Is telehealth here to stay? – HEOR Insights – News Block

A new report from researchers at the University of Michigan takes a comprehensive look at telehealth trends, adoption, access, cost, and quality and user experience. The report is a product of research work by the Institute for Healthcare Policy and Innovation’s Telehealth Research Incubator and researchers at the University of Michigan.

Covid-19 has resulted in a huge increase in telehealth. Before the Covid-19 pandemic, less than 1% of healthcare doctors and patients had used telehealth services. However, the researcher points out that telehealth has been used for the most part as a substitute for face-to-face care.

Some notable key findings from the report:

  • “Smaller and rural practices have lower rates of telehealth use.
  • Compared with non-users, patients using direct-to-consumer telehealth are more likely to be female, non-elderly, live in an urban area, and have fewer comorbidities.
  • Patients who are older, African American, need an interpreter, have Medicaid as their primary insurance, and live in a ZIP code with low broadband access were less likely to use video visits
  • Patients living in rural ZIP codes were less likely to use video visiting, low broadband access, not just rurality, appears to more strongly predict the likelihood of using video visiting.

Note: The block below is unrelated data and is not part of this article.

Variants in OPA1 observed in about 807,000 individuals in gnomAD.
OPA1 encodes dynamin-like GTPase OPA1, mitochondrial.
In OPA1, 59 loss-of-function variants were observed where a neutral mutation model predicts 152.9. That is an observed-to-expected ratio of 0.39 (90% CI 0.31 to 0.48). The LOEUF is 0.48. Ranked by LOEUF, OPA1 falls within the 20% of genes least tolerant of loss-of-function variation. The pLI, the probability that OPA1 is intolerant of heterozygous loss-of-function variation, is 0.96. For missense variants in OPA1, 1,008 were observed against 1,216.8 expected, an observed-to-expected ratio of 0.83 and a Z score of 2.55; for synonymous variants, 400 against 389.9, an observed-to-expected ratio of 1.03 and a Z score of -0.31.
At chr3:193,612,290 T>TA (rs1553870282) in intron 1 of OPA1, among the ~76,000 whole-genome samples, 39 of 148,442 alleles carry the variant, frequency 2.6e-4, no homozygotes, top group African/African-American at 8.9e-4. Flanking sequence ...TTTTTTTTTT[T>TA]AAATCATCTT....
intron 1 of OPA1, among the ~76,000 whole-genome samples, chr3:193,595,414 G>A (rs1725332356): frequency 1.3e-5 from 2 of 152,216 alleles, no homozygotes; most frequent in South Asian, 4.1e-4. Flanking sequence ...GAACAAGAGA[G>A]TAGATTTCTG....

• As individual patient demographic, socioeconomic, and geographic factors will influence the likelihood of using video visits, many patients will face multifactorial barriers to care. By predicting the probability that each patient will use video visiting, the overall probability that the patient population of a particular health system, county, or state will use video visiting can be determined.
  • When all costs are taken into account, video visits and in-person visits cost about the same, and patients were no more likely to cancel or not show up for a video visit than in-person visits.”

“Patients living in rural ZIP codes were less likely to use video visits, low broadband access” indicates a need to investigate “telehealth dessert” (see my research on pharmacy dessert here, here, and here). The telehealth dessert would be an interesting area of ​​research as we look at the growing adoption strategies of telehealth.

While covid-19 has accelerated the pace of telehealth adoption, there are many unmet needs and issues to address (see here), but one thing is for sure, telehealth is here to stay and grow!


Research snapshots from the Telehealth Research Incubator at

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